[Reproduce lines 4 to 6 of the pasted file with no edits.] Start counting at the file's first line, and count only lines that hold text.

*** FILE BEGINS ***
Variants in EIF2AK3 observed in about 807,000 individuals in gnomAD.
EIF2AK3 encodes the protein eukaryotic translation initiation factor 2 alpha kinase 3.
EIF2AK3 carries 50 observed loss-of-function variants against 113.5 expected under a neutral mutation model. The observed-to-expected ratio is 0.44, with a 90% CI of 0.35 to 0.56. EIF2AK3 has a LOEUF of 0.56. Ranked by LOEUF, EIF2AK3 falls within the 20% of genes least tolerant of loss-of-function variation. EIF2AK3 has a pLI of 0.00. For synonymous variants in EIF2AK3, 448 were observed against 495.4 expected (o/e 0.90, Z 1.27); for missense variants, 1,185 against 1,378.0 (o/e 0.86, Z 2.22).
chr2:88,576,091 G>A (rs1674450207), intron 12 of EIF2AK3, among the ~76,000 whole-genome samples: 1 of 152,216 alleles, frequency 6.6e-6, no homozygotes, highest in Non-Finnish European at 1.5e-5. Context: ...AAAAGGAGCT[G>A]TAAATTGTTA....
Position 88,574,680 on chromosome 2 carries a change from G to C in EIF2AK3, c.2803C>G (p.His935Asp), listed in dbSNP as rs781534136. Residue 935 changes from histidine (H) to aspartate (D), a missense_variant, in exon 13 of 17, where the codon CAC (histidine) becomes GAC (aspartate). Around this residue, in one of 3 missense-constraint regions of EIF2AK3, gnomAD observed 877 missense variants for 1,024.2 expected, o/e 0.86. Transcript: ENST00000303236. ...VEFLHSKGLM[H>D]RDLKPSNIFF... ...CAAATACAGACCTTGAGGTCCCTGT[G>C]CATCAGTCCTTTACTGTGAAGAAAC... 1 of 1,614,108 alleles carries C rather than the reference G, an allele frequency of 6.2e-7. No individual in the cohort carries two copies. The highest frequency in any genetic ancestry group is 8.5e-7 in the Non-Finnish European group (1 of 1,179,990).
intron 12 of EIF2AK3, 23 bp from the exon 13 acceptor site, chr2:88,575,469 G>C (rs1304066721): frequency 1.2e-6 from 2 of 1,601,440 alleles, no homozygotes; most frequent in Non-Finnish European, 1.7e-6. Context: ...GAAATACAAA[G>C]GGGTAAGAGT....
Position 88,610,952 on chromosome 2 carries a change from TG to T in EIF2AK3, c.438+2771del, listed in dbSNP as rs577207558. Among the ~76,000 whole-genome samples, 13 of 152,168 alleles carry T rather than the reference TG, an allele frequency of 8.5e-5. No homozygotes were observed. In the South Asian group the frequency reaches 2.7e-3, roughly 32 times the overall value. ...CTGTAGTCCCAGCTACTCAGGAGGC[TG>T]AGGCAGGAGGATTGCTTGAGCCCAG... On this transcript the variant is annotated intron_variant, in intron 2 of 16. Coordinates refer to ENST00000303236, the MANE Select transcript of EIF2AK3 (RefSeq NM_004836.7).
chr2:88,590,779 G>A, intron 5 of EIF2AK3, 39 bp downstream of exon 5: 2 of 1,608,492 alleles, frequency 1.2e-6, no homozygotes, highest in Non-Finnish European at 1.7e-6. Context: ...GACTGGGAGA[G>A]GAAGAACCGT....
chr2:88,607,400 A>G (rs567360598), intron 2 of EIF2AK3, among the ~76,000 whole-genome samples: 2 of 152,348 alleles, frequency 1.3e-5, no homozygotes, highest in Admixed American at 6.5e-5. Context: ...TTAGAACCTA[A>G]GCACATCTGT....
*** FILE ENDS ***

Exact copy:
chr2:88,576,091 G>A (rs1674450207), intron 12 of EIF2AK3, among the ~76,000 whole-genome samples: 1 of 152,216 alleles, frequency 6.6e-6, no homozygotes, highest in Non-Finnish European at 1.5e-5. Context: ...AAAAGGAGCT[G>A]TAAATTGTTA....
Position 88,574,680 on chromosome 2 carries a change from G to C in EIF2AK3, c.2803C>G (p.His935Asp), listed in dbSNP as rs781534136. Residue 935 changes from histidine (H) to aspartate (D), a missense_variant, in exon 13 of 17, where the codon CAC (histidine) becomes GAC (aspartate). Around this residue, in one of 3 missense-constraint regions of EIF2AK3, gnomAD observed 877 missense variants for 1,024.2 expected, o/e 0.86. Transcript: ENST00000303236. ...VEFLHSKGLM[H>D]RDLKPSNIFF... ...CAAATACAGACCTTGAGGTCCCTGT[G>C]CATCAGTCCTTTACTGTGAAGAAAC... 1 of 1,614,108 alleles carries C rather than the reference G, an allele frequency of 6.2e-7. No individual in the cohort carries two copies. The highest frequency in any genetic ancestry group is 8.5e-7 in the Non-Finnish European group (1 of 1,179,990).
intron 12 of EIF2AK3, 23 bp from the exon 13 acceptor site, chr2:88,575,469 G>C (rs1304066721): frequency 1.2e-6 from 2 of 1,601,440 alleles, no homozygotes; most frequent in Non-Finnish European, 1.7e-6. Context: ...GAAATACAAA[G>C]GGGTAAGAGT....